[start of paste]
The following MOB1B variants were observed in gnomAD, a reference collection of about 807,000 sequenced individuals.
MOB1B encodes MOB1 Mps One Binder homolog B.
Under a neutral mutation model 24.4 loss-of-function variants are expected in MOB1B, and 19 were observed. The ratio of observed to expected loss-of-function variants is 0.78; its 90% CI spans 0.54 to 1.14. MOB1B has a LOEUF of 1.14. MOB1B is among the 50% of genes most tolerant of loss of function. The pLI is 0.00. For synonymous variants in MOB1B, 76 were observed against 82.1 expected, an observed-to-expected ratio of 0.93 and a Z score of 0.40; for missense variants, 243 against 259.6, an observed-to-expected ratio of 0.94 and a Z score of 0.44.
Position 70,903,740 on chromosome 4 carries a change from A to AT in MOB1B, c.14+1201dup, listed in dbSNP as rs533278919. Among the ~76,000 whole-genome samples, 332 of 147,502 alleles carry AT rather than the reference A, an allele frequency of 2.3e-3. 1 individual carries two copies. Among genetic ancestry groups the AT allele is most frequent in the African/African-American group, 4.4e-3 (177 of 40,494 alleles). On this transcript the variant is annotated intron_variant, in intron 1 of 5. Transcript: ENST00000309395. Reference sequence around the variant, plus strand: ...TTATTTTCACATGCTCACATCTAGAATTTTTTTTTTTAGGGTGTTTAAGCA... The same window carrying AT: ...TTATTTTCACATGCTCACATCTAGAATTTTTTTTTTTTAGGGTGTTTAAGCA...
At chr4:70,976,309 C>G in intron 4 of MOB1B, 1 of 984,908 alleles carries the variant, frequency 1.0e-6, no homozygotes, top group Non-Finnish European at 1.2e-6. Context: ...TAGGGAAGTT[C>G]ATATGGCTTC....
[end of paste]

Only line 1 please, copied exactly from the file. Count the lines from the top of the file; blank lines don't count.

The following MOB1B variants were observed in gnomAD, a reference collection of about 807,000 sequenced individuals.